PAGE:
Ovarian Cancer Risk Factors

A risk factor is anything that increases your chance of developing a disease like cancer. Having risk factors for ovarian cancer doesn’t mean you will definitely develop it. However, it’s important to be aware of your risk factors. The more you know, the better equipped you’ll be to make lifestyle choices that can help lower your chance of getting it. 

Risk Factors for Ovarian Cancer

There are several factors that can increase your risk of developing ovarian cancer. While many of these, like age and genetics, are out of your control, others that involve personal lifestyle choices can be adjusted to lower risk. 

Common risk factors for ovarian cancer /causes of ovarian tumor include:

  • Age. Ovarian cancer is very rare in women under the age of 40. Most ovarian cancers develop after menopause. 
  • Family history. About 5-10% of ovarian cancers are hereditary through a mutation in the BRCA gene. Women who have a first-degree relative (such as a grandmother, mother, daughter, or sister) with ovarian cancer or breast cancer may be at an increased risk. Finding out if there is a BRCA gene mutation in your family is a good place to start. Our genetic counselors can assist you with this. 
  • Reproductive history. Women who had full-term pregnancies, before the age of 26, are at a lower risk than women who had their first full-term pregnancy after age 35. Women who have never carried a pregnancy to term are also at a higher risk. Each full-term pregnancy lowers your risk. Breastfeeding may lower the risk as well.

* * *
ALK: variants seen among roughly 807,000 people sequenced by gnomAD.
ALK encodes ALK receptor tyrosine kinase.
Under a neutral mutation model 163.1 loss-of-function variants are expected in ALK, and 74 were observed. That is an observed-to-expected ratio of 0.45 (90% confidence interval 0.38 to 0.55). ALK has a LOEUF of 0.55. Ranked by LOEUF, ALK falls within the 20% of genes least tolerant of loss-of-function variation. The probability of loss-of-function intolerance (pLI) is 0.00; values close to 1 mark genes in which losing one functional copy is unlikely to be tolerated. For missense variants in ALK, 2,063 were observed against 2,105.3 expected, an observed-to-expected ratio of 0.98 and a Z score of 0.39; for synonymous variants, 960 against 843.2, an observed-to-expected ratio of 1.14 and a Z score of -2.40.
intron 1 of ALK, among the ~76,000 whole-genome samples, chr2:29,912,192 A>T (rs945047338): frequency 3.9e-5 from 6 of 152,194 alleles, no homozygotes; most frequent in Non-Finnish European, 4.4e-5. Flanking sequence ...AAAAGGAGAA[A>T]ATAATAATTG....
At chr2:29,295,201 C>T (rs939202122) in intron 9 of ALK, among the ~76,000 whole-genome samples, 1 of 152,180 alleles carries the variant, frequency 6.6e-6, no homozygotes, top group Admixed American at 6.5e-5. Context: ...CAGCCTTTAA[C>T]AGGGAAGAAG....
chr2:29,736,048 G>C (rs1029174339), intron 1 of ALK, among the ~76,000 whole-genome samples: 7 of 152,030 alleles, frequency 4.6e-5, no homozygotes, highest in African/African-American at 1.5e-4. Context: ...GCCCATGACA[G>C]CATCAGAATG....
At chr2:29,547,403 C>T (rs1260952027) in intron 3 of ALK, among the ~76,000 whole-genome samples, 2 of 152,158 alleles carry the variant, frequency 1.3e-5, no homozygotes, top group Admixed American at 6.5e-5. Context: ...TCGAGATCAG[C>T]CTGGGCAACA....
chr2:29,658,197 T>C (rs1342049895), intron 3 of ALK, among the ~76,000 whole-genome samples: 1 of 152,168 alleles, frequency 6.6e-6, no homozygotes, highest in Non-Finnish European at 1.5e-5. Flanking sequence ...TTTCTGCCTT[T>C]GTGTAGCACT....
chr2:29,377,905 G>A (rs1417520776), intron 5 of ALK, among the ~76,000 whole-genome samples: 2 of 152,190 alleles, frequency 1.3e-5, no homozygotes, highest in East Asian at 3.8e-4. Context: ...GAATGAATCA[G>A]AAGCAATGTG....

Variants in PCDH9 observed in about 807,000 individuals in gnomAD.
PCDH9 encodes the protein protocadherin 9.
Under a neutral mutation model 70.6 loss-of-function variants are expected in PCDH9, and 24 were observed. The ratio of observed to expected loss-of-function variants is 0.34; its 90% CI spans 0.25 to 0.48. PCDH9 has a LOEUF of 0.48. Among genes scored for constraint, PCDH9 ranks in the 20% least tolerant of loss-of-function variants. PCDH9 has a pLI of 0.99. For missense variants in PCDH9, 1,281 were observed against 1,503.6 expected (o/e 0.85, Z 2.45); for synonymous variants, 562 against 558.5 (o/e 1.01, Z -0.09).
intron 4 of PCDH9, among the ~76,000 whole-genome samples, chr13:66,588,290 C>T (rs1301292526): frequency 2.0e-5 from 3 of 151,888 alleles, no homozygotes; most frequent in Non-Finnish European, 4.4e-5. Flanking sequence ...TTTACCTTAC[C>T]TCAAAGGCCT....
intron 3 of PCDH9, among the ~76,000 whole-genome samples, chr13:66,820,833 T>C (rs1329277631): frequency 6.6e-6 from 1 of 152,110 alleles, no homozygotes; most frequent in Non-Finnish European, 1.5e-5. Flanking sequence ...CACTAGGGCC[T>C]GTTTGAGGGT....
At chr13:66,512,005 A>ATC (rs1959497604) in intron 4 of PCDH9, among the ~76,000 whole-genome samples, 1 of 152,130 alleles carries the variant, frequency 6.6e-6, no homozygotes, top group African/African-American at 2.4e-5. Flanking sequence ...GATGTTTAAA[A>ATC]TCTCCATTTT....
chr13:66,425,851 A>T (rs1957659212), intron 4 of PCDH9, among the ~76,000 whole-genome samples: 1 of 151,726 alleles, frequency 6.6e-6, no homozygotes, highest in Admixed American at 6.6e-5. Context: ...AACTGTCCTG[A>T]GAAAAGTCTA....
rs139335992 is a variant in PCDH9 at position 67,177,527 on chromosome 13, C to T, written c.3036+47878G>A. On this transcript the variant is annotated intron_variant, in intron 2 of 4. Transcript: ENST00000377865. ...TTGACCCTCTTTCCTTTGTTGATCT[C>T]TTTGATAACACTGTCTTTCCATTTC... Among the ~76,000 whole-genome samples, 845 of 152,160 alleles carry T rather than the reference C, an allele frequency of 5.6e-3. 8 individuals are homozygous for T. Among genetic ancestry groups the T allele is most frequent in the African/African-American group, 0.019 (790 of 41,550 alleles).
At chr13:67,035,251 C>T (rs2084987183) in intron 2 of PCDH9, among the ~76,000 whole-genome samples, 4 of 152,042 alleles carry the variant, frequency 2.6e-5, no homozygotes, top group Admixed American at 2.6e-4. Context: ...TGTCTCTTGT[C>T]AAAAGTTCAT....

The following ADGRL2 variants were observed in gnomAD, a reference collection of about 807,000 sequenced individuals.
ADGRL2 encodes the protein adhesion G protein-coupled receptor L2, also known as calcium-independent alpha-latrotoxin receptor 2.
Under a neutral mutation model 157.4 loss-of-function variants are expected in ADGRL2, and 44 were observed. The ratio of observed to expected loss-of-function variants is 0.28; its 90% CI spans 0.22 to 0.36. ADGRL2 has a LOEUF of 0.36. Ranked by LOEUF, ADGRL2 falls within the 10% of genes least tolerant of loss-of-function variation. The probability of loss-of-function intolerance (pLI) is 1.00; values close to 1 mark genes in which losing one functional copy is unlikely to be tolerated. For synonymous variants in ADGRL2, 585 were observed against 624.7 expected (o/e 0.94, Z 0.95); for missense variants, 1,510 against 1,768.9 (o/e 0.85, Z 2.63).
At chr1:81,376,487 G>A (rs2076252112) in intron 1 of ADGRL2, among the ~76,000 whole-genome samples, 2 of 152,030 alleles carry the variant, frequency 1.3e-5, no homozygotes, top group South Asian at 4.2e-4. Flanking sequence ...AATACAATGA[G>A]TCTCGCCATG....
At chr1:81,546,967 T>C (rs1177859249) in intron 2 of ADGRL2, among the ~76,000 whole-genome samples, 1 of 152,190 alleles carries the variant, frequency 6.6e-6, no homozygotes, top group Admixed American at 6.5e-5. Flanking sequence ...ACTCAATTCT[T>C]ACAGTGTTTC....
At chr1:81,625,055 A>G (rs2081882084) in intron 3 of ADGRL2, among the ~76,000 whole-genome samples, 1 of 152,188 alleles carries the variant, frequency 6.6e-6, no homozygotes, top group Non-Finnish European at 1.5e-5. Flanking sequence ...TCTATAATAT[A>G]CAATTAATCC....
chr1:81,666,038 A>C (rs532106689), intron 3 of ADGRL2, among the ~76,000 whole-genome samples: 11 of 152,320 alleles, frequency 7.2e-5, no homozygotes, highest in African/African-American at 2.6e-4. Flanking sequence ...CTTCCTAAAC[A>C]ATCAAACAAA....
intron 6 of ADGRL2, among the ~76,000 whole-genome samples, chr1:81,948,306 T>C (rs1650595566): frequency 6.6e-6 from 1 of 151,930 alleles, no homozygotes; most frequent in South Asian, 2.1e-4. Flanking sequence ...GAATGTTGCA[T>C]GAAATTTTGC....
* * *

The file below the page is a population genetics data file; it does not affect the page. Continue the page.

• Birth control. The risk for ovarian cancer can be lowered by using oral contraceptives (birth control pills) for a minimum of 3 to 6 months. The risk continues to drop the longer the pills are used. With that said, the use of oral contraceptives can increase your risk for some other health issues, including cervical and breast cancers. 
  • Obesity. Studies show that the risk of developing ovarian cancer is higher in women who are obese.
  • Hormone replacement therapy. Recent studies suggest an increased risk of ovarian cancer in women who use estrogen hormone replacement after menopause.

Reducing Your Risks of Developing Ovarian Cancer

While, there is no guarantee that you won’t get ovarian cancer by taking steps to reduce your risk, there are things you can do to lower your risk including:

  • Avoiding things that are known to cause cancer. Talcum powder shows evidence of leading to ovarian cancer as does smoking.
  • Making better lifestyle choices in regards to diet and exercise
  • Using birth control pills 
  • Breastfeeding, if you are still in the childbearing stage of life
  • Having gynecological surgery such as tubal ligation or hysterectomy. This is not a common recommendation unless you have the BRCA gene mutation. Then you should discuss this as a preventative option with your gynecologist.